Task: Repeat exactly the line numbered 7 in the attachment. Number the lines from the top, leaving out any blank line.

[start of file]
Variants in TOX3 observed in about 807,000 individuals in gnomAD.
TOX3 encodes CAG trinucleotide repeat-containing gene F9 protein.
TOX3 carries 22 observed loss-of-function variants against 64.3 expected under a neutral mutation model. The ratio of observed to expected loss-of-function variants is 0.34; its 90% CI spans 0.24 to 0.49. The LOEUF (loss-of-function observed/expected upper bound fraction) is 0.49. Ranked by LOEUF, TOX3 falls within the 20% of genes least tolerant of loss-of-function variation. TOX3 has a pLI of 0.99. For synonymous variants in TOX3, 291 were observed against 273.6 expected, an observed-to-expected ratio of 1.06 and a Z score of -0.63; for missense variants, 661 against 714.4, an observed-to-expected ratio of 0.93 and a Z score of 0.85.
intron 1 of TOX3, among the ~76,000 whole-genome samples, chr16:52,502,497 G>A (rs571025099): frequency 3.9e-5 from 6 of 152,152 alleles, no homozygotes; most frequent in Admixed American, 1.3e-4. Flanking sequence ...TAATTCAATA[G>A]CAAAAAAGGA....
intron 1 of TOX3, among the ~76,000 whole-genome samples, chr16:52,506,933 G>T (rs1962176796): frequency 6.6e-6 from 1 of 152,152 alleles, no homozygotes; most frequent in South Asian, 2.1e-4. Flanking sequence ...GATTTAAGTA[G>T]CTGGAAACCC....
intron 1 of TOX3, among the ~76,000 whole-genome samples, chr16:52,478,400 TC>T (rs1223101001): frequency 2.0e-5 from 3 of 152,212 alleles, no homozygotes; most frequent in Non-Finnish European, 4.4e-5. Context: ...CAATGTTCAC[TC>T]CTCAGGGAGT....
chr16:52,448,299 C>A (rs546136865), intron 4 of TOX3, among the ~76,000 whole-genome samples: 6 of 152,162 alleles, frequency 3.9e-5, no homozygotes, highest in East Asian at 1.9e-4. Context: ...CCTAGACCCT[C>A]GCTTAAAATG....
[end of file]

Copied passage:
chr16:52,448,299 C>A (rs546136865), intron 4 of TOX3, among the ~76,000 whole-genome samples: 6 of 152,162 alleles, frequency 3.9e-5, no homozygotes, highest in East Asian at 1.9e-4. Context: ...CCTAGACCCT[C>A]GCTTAAAATG....